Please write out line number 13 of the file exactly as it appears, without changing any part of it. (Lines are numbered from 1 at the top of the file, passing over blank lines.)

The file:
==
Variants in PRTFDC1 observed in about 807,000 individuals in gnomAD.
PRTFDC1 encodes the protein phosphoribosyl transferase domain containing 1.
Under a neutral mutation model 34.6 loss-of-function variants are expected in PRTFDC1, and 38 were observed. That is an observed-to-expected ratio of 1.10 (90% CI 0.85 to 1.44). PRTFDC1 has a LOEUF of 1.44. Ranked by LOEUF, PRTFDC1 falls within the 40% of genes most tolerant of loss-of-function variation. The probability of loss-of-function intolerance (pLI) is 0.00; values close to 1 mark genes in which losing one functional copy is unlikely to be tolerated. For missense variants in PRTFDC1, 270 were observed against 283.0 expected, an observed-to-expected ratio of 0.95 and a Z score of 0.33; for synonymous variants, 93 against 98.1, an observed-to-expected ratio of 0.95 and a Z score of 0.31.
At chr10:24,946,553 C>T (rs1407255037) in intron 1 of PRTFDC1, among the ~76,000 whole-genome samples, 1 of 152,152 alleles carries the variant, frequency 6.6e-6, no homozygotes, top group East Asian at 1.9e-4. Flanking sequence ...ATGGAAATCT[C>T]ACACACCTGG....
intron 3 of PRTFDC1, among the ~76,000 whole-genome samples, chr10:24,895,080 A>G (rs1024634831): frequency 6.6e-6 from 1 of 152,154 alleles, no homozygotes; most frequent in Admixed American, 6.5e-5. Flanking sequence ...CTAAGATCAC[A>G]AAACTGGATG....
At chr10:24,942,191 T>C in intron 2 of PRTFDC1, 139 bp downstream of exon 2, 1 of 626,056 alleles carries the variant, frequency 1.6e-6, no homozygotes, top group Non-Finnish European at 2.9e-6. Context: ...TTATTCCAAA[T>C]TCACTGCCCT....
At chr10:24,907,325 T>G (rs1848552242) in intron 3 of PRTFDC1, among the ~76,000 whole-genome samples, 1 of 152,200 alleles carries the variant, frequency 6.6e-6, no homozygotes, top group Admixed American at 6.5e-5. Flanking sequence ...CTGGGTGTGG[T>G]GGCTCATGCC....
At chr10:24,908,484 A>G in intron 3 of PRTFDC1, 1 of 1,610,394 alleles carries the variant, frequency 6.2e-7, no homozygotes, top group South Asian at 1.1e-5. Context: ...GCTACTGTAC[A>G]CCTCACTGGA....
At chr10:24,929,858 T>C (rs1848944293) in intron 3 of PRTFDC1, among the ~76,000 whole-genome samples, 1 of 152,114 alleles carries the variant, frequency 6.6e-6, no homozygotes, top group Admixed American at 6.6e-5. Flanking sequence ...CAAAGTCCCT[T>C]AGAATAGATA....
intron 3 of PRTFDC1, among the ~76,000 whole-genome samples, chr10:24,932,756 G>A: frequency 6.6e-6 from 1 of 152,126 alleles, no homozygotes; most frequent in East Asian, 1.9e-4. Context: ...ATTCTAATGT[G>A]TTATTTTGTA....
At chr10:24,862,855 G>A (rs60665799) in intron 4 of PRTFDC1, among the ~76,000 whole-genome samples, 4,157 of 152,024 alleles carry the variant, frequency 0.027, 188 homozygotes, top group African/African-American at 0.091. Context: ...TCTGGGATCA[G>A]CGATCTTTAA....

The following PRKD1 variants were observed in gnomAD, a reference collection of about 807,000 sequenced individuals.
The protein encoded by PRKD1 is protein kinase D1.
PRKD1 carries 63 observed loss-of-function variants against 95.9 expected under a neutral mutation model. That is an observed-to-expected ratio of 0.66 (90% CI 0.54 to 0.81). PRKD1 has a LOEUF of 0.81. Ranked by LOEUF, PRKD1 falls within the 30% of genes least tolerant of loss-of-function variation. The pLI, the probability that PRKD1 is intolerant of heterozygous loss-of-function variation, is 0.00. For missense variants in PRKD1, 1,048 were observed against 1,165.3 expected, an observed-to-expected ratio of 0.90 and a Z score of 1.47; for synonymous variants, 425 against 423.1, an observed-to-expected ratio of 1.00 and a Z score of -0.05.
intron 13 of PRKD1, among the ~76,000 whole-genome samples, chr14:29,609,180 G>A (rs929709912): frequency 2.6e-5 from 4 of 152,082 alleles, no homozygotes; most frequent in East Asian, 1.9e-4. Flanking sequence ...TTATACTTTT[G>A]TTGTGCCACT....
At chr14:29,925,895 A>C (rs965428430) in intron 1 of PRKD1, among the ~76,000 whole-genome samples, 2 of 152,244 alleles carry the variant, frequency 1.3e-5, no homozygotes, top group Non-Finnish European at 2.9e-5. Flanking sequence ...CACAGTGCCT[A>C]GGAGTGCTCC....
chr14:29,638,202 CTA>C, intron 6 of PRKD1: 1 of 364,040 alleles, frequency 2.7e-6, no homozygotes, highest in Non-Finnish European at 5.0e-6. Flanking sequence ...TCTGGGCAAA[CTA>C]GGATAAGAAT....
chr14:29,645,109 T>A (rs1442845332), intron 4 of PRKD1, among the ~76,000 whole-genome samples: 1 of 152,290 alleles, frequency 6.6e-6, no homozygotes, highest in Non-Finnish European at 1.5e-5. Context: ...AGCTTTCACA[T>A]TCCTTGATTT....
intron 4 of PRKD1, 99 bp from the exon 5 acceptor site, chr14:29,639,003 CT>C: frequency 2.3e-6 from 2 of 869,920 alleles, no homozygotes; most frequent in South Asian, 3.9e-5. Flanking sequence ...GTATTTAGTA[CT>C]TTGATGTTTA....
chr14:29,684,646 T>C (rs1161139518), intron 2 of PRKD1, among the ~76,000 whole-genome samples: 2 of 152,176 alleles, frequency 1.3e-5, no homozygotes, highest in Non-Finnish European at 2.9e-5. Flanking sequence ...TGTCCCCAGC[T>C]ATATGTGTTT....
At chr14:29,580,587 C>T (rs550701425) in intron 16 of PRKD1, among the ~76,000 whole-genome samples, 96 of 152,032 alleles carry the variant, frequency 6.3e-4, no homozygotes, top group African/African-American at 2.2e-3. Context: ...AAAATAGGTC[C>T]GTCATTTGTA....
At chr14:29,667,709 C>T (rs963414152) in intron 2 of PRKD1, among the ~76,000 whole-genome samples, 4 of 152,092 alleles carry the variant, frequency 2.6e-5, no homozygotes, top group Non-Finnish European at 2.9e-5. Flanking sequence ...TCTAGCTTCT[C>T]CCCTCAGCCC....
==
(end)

The protein encoded by PRKD1 is protein kinase D1.